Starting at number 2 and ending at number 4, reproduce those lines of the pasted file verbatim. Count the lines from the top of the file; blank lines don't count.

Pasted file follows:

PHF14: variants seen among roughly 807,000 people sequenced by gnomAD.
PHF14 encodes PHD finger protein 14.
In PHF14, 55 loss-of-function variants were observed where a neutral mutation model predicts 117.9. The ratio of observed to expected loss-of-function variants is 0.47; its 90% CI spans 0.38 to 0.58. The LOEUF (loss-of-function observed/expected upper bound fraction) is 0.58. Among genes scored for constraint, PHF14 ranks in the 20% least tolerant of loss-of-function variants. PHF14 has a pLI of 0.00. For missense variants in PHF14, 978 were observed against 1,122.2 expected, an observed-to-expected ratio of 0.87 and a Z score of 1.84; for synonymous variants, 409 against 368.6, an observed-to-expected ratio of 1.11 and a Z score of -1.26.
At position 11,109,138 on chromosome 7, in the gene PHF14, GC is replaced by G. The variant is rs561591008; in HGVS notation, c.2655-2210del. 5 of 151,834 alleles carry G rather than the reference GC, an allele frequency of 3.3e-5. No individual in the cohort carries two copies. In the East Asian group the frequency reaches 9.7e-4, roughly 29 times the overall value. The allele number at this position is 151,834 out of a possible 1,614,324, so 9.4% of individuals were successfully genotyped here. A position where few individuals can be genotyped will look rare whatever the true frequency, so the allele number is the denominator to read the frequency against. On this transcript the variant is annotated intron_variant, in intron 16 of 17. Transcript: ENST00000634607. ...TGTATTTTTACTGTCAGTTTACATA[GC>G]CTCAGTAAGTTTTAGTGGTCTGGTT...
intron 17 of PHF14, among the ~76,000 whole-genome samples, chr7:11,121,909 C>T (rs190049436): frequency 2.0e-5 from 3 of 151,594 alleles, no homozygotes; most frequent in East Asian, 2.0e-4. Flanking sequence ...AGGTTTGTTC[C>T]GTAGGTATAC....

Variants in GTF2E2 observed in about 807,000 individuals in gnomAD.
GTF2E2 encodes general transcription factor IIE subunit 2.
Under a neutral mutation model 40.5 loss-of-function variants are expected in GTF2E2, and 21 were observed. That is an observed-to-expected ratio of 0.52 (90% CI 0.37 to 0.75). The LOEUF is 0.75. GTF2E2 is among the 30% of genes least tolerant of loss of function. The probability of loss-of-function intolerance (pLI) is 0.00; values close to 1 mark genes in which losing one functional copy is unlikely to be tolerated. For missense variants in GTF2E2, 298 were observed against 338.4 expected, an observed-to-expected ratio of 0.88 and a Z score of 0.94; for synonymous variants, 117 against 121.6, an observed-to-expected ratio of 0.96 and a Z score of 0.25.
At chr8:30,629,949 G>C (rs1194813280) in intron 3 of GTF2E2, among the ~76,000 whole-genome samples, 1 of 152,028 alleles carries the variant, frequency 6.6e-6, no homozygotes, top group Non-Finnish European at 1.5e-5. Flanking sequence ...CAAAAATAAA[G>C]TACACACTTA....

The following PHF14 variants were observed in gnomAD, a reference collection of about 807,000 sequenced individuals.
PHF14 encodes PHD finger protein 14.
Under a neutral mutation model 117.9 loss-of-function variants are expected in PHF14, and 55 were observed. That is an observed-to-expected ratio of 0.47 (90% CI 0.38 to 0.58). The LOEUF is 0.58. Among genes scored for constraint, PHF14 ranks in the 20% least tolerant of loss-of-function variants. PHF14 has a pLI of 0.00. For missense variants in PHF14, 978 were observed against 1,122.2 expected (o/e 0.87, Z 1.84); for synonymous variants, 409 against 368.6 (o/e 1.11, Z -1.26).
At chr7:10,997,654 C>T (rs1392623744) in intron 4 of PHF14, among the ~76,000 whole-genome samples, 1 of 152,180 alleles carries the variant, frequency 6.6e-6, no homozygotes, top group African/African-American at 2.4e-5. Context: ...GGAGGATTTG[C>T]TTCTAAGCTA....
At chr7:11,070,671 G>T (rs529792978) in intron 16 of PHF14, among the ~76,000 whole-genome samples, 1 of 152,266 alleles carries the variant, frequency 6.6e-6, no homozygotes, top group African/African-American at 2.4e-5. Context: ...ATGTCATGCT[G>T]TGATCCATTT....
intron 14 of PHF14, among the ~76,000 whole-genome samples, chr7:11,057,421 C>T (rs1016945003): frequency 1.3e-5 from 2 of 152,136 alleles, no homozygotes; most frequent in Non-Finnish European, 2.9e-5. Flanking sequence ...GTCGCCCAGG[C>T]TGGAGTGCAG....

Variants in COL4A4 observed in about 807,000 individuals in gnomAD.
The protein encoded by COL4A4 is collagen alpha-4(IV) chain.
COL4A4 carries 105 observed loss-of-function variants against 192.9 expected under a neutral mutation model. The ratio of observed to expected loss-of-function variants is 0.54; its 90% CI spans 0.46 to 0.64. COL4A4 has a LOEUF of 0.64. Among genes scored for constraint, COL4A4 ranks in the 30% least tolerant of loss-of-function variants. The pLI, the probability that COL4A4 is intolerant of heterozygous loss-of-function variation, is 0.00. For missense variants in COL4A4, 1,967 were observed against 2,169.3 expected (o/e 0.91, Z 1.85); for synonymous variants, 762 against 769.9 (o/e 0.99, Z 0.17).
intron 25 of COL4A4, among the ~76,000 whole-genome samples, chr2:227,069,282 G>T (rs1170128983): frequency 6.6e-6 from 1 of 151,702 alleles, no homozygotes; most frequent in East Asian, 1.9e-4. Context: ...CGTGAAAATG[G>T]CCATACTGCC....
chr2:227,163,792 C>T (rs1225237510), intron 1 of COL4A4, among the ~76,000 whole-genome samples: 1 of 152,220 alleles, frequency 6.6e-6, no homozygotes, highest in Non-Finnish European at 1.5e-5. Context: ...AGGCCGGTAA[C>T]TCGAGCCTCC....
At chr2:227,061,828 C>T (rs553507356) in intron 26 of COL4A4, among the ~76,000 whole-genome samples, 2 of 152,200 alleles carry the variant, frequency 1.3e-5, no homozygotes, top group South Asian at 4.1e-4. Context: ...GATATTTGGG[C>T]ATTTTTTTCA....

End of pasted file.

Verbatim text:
PHF14 encodes PHD finger protein 14.
In PHF14, 55 loss-of-function variants were observed where a neutral mutation model predicts 117.9. The ratio of observed to expected loss-of-function variants is 0.47; its 90% CI spans 0.38 to 0.58. The LOEUF (loss-of-function observed/expected upper bound fraction) is 0.58. Among genes scored for constraint, PHF14 ranks in the 20% least tolerant of loss-of-function variants. PHF14 has a pLI of 0.00. For missense variants in PHF14, 978 were observed against 1,122.2 expected, an observed-to-expected ratio of 0.87 and a Z score of 1.84; for synonymous variants, 409 against 368.6, an observed-to-expected ratio of 1.11 and a Z score of -1.26.
At position 11,109,138 on chromosome 7, in the gene PHF14, GC is replaced by G. The variant is rs561591008; in HGVS notation, c.2655-2210del. 5 of 151,834 alleles carry G rather than the reference GC, an allele frequency of 3.3e-5. No individual in the cohort carries two copies. In the East Asian group the frequency reaches 9.7e-4, roughly 29 times the overall value. The allele number at this position is 151,834 out of a possible 1,614,324, so 9.4% of individuals were successfully genotyped here. A position where few individuals can be genotyped will look rare whatever the true frequency, so the allele number is the denominator to read the frequency against. On this transcript the variant is annotated intron_variant, in intron 16 of 17. Transcript: ENST00000634607. ...TGTATTTTTACTGTCAGTTTACATA[GC>G]CTCAGTAAGTTTTAGTGGTCTGGTT...